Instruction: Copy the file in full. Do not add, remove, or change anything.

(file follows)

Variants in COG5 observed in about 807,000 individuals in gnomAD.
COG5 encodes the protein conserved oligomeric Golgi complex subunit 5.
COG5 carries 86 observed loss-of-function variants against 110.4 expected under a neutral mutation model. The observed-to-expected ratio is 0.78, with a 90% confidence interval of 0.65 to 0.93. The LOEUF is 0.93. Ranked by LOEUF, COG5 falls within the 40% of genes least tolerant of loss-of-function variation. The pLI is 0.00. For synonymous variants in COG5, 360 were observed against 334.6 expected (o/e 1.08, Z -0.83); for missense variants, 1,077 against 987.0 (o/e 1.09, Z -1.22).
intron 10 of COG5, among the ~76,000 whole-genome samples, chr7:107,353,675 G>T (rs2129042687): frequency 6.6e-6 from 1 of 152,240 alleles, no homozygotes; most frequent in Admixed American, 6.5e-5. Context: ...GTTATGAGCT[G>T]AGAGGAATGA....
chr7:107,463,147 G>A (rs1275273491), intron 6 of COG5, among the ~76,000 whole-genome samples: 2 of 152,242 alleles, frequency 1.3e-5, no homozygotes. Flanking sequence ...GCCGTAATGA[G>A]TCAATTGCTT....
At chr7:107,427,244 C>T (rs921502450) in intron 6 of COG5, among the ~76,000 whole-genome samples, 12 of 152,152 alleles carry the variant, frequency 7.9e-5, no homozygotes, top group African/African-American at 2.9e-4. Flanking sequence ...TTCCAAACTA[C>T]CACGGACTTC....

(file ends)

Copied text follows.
Variants in COG5 observed in about 807,000 individuals in gnomAD.
COG5 encodes the protein conserved oligomeric Golgi complex subunit 5.
COG5 carries 86 observed loss-of-function variants against 110.4 expected under a neutral mutation model. The observed-to-expected ratio is 0.78, with a 90% confidence interval of 0.65 to 0.93. The LOEUF is 0.93. Ranked by LOEUF, COG5 falls within the 40% of genes least tolerant of loss-of-function variation. The pLI is 0.00. For synonymous variants in COG5, 360 were observed against 334.6 expected (o/e 1.08, Z -0.83); for missense variants, 1,077 against 987.0 (o/e 1.09, Z -1.22).
intron 10 of COG5, among the ~76,000 whole-genome samples, chr7:107,353,675 G>T (rs2129042687): frequency 6.6e-6 from 1 of 152,240 alleles, no homozygotes; most frequent in Admixed American, 6.5e-5. Context: ...GTTATGAGCT[G>T]AGAGGAATGA....
chr7:107,463,147 G>A (rs1275273491), intron 6 of COG5, among the ~76,000 whole-genome samples: 2 of 152,242 alleles, frequency 1.3e-5, no homozygotes. Flanking sequence ...GCCGTAATGA[G>A]TCAATTGCTT....
At chr7:107,427,244 C>T (rs921502450) in intron 6 of COG5, among the ~76,000 whole-genome samples, 12 of 152,152 alleles carry the variant, frequency 7.9e-5, no homozygotes, top group African/African-American at 2.9e-4. Flanking sequence ...TTCCAAACTA[C>T]CACGGACTTC....